Primers • Kernel Trick
Kernel/Polynomial Trick

In classic mathematical induction, the goal of a classification task is to learn a function \(y = f(x; \theta)\) aka fit a model (or a curve) to the data with a decision boundary that separates the classes (say, approve/reject loan applications).

The diagram below from Prithvi Da summarizes the approaches.

Fig A: If the data points are linearly separable, it’s simple you can fit a linear model using algorithms like Logistic regression or SVM.

Fig B: What do you do if the data points are NOT linearly separable? of course we can fit a Neural network which in theory can learn any Borel measurable function under the sky. But we have a simple solution especially if you have a smaller tabular dataset.

Fig C: Shows you can simply magically transform a line to a parabola and then learn a function that linearly separates the data points. This idea of applying a nonlinear transformation using a special function called a “kernel” to convert linear input space (\(y= mx+c\), 1stdegree polynomial) to a high degree polynomial (\(x^2 = 4ay\), 2nddegree polynomial) is the meat of the kernel trick. Now learning a linear model in the higher dimensional space is equivalent to learning a nonlinear model in the original input space.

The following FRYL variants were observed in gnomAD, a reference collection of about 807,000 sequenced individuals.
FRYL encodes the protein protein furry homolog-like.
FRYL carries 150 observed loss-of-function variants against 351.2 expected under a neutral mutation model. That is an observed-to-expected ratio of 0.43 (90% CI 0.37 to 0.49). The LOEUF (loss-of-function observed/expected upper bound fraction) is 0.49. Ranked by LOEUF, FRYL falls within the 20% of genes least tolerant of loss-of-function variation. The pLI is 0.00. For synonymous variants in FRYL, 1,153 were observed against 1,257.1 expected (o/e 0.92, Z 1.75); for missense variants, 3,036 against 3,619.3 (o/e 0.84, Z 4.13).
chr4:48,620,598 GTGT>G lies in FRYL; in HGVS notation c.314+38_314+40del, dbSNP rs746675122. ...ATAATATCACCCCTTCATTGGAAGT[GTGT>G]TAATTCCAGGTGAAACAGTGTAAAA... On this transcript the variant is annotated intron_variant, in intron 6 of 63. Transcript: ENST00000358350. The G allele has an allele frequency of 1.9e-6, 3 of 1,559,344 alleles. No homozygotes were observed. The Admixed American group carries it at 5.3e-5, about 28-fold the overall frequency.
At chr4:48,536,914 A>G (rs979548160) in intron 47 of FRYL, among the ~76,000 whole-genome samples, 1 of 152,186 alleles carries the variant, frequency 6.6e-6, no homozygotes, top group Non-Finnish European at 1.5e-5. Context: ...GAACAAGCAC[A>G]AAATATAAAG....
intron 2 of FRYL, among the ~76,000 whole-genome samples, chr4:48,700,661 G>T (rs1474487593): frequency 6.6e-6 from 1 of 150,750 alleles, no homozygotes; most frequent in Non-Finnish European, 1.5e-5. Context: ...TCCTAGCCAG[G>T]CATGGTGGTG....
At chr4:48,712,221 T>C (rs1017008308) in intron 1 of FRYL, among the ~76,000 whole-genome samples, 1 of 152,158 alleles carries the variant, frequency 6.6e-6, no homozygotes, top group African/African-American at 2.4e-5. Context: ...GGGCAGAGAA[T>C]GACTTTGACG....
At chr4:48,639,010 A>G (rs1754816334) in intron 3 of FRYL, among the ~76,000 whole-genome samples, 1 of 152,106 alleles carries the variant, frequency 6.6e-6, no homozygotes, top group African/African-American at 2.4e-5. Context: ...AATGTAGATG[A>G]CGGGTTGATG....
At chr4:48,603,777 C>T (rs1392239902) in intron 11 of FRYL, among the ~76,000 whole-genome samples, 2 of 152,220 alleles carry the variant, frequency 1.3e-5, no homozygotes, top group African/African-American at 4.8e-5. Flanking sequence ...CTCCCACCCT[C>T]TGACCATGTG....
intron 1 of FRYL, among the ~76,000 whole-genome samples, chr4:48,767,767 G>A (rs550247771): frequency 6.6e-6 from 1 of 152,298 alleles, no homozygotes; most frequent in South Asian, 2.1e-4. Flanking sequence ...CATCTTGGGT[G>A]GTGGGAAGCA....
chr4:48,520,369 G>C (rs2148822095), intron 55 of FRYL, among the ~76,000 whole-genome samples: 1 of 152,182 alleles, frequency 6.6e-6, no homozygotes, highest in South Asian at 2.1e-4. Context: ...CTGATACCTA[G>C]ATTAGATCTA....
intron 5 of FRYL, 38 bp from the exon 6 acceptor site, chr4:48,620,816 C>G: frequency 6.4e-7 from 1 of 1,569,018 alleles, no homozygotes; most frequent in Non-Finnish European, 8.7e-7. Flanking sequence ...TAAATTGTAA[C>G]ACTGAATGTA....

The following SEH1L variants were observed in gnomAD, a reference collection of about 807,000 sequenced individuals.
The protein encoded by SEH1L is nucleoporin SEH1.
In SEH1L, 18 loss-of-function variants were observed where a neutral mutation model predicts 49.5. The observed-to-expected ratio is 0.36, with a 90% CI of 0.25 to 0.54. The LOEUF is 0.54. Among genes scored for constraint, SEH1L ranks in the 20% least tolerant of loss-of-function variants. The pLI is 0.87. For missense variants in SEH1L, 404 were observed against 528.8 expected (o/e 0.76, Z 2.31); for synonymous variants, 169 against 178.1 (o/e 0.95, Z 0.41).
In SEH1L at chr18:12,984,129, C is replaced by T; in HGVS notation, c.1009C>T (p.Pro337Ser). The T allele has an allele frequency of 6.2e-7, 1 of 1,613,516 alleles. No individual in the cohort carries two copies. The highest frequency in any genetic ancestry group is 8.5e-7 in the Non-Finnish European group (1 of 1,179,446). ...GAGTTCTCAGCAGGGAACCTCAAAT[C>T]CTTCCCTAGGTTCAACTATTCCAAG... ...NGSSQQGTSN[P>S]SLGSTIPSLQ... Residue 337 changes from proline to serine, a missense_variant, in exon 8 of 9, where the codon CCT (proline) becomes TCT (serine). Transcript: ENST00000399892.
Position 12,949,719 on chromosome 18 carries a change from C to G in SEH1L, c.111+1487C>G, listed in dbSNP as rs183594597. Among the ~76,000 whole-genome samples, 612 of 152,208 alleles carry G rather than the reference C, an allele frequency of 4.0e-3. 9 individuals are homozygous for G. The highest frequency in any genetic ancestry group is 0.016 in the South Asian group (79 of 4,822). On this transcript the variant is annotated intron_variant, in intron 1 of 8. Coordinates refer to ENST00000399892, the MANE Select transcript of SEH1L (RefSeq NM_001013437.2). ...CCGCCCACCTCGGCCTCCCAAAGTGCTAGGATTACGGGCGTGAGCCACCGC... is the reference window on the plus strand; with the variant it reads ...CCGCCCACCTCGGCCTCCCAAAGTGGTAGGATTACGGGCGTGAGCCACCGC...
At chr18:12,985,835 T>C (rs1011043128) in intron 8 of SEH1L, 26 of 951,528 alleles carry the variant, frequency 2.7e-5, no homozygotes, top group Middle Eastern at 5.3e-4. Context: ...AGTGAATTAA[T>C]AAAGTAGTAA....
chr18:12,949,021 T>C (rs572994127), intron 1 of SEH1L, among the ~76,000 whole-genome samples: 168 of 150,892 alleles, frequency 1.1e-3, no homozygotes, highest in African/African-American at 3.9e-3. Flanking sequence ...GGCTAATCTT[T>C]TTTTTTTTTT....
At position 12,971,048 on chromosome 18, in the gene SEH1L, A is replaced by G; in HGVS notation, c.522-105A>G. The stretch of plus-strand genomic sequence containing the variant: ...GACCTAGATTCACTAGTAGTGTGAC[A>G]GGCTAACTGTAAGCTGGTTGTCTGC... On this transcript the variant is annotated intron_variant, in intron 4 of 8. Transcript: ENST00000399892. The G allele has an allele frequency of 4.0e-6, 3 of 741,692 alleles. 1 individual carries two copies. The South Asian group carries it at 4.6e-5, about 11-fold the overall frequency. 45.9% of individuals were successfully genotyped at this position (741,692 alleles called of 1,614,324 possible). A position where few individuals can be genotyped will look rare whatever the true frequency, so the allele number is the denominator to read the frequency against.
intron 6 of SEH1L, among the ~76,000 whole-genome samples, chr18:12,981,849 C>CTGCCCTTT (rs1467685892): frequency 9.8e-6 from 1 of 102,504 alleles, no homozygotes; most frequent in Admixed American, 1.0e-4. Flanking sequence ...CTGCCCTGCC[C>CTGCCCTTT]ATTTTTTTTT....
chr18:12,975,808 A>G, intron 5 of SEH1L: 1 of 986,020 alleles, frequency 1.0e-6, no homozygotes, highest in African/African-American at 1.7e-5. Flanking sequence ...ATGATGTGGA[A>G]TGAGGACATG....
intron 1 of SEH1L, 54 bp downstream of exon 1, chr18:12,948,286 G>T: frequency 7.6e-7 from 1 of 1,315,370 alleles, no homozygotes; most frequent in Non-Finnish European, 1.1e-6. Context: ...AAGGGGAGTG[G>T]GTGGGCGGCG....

TL;DR  It pays in spades to bend the problem, literally sometimes.
References
Citation
If you found our work useful, please cite it as:
@article{Chadha2020DistilledKernelTrick,
title = {Kernel Trick},
author = {Chadha, Aman},
journal = {Distilled AI},
year = {2020},
note = {\url{https://aman.ai}}
}